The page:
Spring is here and the weather is starting to warm up. Now is the perfect time to learn how to grow your own herbs at home!
An herb garden can be as small as a pot of soil or as big as your backyard, but whatever size garden is right for you, it is sure to be a rewarding pastime. There’s a wonder in harvesting your own herbs, even if it’s just a handful of Peppermint or Chamomile to turn a cup of tea into something special. The wild freshness of home-grown herbs brings a living magic into the present moment that can turn any experience into an appreciation of things both simple and immediate.
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First, you need to figure out where you’re going to grow your garden.
Keep in mind that a “garden” does not need to be in the ground. A pot of herbs growing on a patio or balcony works fine, or maybe a box in your kitchen window would better suit your needs. If you would like to grow herbs but don’t think you have the space, be creative. Here’s what you need in an ideal location:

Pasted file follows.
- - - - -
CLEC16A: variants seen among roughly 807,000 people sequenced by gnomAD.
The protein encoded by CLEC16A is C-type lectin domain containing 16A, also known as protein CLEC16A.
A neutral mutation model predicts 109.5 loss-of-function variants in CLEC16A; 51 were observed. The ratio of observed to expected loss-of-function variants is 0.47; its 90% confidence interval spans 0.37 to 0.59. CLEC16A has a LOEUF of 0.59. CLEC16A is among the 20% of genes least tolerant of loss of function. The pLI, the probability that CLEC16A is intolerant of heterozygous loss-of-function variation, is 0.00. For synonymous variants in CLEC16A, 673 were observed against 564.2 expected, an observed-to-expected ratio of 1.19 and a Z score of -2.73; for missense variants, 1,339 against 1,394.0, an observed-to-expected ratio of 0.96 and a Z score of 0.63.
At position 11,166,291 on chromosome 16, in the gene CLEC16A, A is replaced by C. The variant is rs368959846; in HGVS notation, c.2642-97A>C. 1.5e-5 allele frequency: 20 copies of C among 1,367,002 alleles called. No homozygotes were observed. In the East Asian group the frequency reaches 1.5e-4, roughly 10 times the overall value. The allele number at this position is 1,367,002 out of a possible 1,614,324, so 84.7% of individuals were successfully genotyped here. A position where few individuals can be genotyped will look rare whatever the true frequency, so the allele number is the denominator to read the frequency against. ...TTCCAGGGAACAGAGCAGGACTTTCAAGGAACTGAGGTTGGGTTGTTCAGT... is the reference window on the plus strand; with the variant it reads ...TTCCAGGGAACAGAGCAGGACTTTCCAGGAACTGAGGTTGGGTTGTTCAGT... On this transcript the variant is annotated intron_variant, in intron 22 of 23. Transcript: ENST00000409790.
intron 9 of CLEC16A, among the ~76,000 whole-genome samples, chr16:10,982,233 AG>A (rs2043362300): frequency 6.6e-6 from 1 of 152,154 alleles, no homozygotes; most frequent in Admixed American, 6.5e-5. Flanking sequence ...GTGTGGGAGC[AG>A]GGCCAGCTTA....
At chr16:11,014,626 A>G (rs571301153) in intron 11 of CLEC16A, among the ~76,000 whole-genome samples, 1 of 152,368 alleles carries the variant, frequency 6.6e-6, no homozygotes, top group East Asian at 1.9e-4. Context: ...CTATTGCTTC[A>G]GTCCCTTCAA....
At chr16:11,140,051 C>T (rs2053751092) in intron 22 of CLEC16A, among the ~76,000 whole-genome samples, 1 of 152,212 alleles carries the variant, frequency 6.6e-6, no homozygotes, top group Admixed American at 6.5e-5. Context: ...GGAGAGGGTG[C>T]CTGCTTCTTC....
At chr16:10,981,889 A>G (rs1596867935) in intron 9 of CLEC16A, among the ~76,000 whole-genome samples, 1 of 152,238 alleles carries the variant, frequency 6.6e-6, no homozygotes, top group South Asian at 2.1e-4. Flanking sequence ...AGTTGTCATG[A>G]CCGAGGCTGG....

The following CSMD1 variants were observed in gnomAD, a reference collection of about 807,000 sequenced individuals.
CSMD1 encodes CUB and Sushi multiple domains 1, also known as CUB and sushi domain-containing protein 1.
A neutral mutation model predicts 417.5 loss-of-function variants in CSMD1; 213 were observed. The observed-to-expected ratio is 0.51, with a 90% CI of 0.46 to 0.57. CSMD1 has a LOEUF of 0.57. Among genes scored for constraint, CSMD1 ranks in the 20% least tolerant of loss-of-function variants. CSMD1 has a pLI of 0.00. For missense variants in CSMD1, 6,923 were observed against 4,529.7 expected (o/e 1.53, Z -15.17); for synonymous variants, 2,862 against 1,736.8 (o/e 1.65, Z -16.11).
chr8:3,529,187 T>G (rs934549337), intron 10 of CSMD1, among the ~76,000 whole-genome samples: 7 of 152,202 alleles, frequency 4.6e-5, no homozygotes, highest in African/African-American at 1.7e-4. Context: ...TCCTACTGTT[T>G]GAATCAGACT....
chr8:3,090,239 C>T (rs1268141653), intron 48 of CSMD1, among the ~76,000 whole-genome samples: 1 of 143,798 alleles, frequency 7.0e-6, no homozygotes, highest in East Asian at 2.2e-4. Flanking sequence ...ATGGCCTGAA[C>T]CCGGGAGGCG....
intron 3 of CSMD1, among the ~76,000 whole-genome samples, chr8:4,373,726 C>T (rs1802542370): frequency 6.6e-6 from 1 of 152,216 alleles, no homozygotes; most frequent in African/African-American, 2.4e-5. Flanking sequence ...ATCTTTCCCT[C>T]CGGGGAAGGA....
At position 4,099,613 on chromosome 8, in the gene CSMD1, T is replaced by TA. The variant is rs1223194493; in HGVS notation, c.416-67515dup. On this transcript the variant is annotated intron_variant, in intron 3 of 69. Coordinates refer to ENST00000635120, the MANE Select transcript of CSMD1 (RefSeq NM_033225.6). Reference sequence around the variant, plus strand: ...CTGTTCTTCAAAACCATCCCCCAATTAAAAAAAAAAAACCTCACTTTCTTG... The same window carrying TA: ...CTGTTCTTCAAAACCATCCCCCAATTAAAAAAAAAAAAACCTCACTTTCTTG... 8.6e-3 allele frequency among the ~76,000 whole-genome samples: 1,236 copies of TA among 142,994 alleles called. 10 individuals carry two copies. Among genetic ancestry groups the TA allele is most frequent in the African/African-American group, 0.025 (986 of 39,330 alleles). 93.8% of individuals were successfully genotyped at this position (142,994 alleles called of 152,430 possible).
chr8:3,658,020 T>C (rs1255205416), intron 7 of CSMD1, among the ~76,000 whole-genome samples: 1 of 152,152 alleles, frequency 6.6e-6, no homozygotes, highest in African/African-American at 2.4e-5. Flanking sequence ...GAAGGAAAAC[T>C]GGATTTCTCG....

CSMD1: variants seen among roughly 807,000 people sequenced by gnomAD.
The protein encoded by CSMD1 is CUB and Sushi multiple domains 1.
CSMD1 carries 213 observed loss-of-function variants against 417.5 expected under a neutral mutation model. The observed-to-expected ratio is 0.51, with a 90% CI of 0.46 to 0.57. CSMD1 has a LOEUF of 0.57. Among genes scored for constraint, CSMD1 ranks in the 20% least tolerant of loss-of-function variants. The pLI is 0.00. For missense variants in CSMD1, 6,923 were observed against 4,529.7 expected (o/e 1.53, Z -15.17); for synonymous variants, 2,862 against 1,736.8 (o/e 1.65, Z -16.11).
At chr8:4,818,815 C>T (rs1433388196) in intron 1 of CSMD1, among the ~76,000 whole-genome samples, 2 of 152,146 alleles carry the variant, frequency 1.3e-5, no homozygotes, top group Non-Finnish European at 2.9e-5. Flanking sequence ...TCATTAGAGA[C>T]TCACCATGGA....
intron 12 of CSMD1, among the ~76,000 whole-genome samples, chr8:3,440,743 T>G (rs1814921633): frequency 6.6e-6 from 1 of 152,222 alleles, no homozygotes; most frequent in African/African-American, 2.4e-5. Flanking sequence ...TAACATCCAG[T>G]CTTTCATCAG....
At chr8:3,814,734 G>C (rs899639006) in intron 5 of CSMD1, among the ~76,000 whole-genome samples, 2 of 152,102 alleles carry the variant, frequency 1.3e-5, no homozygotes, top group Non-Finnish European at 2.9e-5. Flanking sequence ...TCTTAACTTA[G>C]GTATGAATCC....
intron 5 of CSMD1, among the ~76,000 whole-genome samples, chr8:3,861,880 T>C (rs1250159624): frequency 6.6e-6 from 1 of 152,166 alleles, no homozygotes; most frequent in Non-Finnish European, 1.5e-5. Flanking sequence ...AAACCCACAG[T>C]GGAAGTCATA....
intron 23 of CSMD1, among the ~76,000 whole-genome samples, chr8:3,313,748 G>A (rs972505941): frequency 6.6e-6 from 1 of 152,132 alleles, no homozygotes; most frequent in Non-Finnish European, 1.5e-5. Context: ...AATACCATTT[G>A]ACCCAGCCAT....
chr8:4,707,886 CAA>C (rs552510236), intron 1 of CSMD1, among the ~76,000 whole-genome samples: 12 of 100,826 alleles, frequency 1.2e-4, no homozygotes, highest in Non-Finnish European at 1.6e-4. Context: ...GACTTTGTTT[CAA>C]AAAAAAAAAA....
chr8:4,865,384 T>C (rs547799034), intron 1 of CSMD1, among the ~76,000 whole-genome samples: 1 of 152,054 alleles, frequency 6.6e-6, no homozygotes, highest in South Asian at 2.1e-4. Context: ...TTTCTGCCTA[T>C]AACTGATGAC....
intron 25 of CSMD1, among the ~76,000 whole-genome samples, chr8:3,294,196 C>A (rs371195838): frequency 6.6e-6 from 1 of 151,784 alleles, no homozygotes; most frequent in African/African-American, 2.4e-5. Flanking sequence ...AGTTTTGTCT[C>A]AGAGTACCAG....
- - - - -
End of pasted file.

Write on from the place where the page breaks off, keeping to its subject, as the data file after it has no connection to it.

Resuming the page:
- Sunlight – Look for an area that gets sun for most of the day. If you must choose a partially shaded spot, although more sunlight is better, it is preferable to choose one that gets its sun in the morning. The morning dew can provide the moisture that causes diseases in plants, such as downy mildew, so it’s best to have some sunlight in the morning to get rid of this excess dampness.